Pole, win and a fourth championship victory in a row. If not for Raikkonen’s late-race pit-stop Sebastian might have had the very best imaginable weekend. With Webber qualifying on the primes, pole was a formality for the German and early-race scything through the field after his first stop put him in the best position to take yet another victory. If he’d struggled early on the race might’ve gone to Rosberg after Webber’s alternator failure, but Vettel isn’t a four-time World Champion for nothing.
Another disappointing mechanical failure on the #2 Red Bull, Mark’s now lost three podiums in four races from retirements out of his control. While the points he should’ve made from those results would have placed him just behind Fernando Alonso in the race for second place in the championship, he’s now in a lowly fifth. Mark needs to gain 59 points on Alonso in three races to get into the top two, but if the last few races are any indication of the end of his career, I wouldn’t bet too much on it.
Massa was uncharacteristically on-form in India, out-qualifying his team-mate once again and following through in the race with pace good enough for fourth. He needs to show potential teams that he’s still got fight in him for next year and besting Fernando by some margin won’t have done his chances of that Williams drive any harm.
First-corner contact for Fernando put him on the back foot and he struggled to recover all race. Points may have been on offer for the Spaniard had Ricciardo’s defending slipped up late in the race, but the Australian wasn’t about to be pushed out of a valuable points place and Alonso crossed the line out of the points for the first time since the 2010 British Grand Prix.
Sergio was on it in India, out-qualifying Jenson on Saturday and then pushing himself up to levels he’d not previously experienced at McLaren. Fourth place is his highest result to date with the team and the accompanying ten points will save him face come the end of the year. Sergio was the perfect mix of speed and aggression, challenging the likes of Lewis Hamilton while not putting a foot wrong in his run to the flag.
Jenson will be wanting to start afresh in Abu Dhabi.
For the second race running Grosjean was the star at Lotus. A terrible qualifying result saw him take the grid 17th, but a solid strategy and fantastic pace vaulted him from the minnows to the podium. Overtaking Raikkonen in the last few laps must’ve been an enjoyable feeling after having been at the receiving end so many times before. Romain has taken a step up this year – give him a top car and, with performances like these, he’d be putting it at least close to the top step.
Kimi wasn’t on the best of strategies on Sunday and an early race brake issue did nothing to help him on his way. With that Ferrari contract in his back pocket why would he feel the need to get too involved with the Lotus hierarchy at this stage of the season?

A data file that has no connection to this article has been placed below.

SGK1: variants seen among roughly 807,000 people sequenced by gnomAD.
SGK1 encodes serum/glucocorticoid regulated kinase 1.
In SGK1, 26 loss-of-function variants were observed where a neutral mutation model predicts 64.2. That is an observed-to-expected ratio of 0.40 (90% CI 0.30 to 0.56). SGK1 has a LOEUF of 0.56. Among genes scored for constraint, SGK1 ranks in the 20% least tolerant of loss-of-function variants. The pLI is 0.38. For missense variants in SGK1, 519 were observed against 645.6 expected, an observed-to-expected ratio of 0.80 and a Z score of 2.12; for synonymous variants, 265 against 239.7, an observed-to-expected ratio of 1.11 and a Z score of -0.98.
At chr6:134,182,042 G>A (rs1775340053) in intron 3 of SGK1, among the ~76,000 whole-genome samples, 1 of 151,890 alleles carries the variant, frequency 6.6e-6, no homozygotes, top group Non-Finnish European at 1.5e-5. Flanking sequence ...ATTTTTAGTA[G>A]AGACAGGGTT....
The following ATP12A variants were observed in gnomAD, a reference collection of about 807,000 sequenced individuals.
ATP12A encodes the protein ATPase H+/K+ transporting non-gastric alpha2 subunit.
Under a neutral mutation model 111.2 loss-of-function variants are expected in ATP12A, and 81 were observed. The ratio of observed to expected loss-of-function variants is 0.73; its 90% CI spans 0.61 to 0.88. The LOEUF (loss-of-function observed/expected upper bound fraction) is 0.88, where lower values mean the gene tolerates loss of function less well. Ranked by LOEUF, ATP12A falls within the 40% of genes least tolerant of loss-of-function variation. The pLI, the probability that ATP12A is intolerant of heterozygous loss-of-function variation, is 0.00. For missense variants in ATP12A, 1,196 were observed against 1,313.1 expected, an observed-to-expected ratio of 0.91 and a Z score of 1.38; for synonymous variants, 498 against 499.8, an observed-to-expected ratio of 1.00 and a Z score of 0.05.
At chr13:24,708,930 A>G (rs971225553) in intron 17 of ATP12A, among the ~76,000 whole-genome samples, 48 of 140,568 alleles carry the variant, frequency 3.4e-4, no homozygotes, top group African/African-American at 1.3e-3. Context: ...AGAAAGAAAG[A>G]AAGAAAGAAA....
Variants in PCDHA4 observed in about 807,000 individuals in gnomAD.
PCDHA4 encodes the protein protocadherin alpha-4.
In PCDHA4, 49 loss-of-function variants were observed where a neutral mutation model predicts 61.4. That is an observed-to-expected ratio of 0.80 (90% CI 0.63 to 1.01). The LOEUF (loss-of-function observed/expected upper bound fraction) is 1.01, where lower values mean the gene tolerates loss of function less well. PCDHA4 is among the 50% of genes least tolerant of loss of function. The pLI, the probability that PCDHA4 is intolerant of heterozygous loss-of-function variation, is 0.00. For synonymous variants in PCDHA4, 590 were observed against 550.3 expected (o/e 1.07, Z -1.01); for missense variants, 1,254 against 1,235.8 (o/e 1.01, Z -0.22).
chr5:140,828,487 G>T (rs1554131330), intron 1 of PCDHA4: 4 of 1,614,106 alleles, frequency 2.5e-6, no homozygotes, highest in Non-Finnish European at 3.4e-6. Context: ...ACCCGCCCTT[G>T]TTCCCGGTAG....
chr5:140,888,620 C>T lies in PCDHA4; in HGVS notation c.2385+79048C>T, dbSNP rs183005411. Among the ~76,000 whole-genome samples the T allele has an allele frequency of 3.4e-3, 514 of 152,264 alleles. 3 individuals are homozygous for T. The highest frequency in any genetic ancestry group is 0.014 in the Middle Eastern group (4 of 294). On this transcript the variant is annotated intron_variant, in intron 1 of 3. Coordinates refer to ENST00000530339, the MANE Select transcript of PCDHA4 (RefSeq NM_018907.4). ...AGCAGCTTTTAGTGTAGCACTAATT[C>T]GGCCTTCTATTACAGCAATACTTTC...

Nico was top-dog at Mercedes in India, out-qualifying Lewis and then out-driving his team-mate on Sunday. While Lewis complained of his struggles with the tyres, Nico made no such complaints and took what seemed to be an unnoticed second-place.
Nico is only 25 points behind Hamilton. Three races remain – could we see the upset of the year by the end of the season?
Hulkenberg retired but was well ahead of Esteban when his car gave up. It was another race Hulkenberg was the roadblock in the top-order, but the team were left wanting after the brakes gave up on his car 54 laps in.
Esteban returned to being unimpressive in India.
The Force Indias finally returned to a double-points finish in India with di Resta in eighth and Sutil following just behind in ninth. The pair were inseparable in qualifying and were only two seconds apart after 60 laps. With Sauber looking faster and faster at every event, the five points the pair pulled in in India might be the buffer they need to hold Hulkenberg and Sauber back at the end of the year.
Bottas was top-dog in qualifying but it was Pastor who came through on Sunday and finished but a couple of seconds from the points. Williams’ long season is nearly over and with a point to show for it, management had best hope the boys and girls at Grove have been doing a great job on the 2014 car.
Ricciardo continues to improve as each race goes by. Again out-pacing his team-mate on Saturday, the Australian fended off the much-faster Ferrari of Fernando Alonso for the last ten laps to claim an important point. He did similar with Schumacher at the 2012 Japanese Grand Prix and it bodes well for his ability to perform under pressure in 2014.
Vergne may have a contract for 2014, but he’ll be under pressure to hold that for the entire season. Toro Rosso is known to boot drivers mid-season if they’re not reaching expectation and with da Costa in the waiting room Jean-Eric won’t be able to perform next year like he has this year.
A bad day out for Caterham, with both drivers retiring in the first 35 laps. Van der Garde went out as a result of collision damage and Pic suffered with a hydraulics failure.
Chilton was woeful in qualifying, but managed to pip Jules in the race. A strong start by the Brit put him in the best position to lead his team-mate and did so in strong style. Bianchi was disappointed to have finished behind his team-mate, but must acknowledge that you can’t win them all (unless your name is Sebastian Vettel).